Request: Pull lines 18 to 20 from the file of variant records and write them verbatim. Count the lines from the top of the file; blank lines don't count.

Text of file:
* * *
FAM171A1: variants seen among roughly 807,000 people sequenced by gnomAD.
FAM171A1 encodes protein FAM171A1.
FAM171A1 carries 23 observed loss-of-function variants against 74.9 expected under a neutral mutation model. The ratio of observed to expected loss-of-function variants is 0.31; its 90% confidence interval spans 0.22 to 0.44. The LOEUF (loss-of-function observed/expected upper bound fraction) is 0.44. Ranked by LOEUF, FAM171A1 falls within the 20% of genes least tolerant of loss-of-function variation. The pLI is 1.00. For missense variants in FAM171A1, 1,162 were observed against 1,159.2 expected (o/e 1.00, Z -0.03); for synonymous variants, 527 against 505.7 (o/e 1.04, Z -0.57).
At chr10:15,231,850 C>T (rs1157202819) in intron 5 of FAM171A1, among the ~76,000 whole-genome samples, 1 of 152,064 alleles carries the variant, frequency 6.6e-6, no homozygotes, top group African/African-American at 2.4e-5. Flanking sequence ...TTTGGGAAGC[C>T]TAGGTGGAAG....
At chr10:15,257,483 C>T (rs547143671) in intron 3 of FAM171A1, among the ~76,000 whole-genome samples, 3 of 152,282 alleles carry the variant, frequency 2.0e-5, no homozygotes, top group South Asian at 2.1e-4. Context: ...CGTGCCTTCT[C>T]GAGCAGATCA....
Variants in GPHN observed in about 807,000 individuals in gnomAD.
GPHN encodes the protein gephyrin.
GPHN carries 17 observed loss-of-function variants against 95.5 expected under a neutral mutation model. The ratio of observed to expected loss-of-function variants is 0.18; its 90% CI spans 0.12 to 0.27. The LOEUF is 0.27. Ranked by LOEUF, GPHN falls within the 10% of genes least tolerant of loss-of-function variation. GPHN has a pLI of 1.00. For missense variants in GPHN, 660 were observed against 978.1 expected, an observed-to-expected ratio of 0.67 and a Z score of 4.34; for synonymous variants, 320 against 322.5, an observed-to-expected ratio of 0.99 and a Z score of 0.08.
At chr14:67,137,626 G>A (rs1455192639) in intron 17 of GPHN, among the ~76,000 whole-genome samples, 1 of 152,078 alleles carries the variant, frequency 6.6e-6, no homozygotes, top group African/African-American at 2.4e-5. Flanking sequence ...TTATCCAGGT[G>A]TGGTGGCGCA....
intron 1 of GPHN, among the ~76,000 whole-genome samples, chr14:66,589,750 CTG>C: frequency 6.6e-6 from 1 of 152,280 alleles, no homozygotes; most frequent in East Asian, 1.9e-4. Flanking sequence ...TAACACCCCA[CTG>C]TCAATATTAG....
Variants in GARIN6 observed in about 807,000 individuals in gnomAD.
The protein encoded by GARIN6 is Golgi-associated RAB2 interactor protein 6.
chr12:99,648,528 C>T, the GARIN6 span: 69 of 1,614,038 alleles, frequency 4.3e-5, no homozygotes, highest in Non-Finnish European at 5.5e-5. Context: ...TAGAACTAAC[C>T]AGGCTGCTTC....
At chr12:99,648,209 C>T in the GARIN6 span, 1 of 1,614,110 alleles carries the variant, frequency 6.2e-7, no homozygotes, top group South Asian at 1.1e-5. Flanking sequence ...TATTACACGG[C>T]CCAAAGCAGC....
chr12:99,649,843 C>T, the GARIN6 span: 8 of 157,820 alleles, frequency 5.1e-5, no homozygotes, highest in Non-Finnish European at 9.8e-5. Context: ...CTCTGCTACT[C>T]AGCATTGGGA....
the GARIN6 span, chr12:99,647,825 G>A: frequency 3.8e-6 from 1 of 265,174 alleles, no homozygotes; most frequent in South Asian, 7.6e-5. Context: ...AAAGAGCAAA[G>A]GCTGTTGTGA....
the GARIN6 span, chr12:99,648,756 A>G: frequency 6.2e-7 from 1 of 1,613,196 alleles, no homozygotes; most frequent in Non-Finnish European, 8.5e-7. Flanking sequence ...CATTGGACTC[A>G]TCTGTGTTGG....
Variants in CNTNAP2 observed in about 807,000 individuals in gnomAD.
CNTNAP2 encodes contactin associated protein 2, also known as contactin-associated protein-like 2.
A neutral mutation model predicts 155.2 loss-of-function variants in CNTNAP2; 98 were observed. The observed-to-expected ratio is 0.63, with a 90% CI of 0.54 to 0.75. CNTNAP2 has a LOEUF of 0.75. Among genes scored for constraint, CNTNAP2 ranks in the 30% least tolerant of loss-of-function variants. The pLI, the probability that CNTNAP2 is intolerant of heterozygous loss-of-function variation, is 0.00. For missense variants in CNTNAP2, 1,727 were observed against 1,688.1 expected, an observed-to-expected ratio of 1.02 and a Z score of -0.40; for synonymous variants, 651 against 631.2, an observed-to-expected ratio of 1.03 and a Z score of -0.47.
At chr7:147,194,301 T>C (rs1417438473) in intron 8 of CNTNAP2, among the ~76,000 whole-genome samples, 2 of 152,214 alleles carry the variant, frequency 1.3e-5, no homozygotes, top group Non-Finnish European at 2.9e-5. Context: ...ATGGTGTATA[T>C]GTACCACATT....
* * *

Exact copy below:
Variants in CNTNAP2 observed in about 807,000 individuals in gnomAD.
CNTNAP2 encodes contactin associated protein 2, also known as contactin-associated protein-like 2.
A neutral mutation model predicts 155.2 loss-of-function variants in CNTNAP2; 98 were observed. The observed-to-expected ratio is 0.63, with a 90% CI of 0.54 to 0.75. CNTNAP2 has a LOEUF of 0.75. Among genes scored for constraint, CNTNAP2 ranks in the 30% least tolerant of loss-of-function variants. The pLI, the probability that CNTNAP2 is intolerant of heterozygous loss-of-function variation, is 0.00. For missense variants in CNTNAP2, 1,727 were observed against 1,688.1 expected, an observed-to-expected ratio of 1.02 and a Z score of -0.40; for synonymous variants, 651 against 631.2, an observed-to-expected ratio of 1.03 and a Z score of -0.47.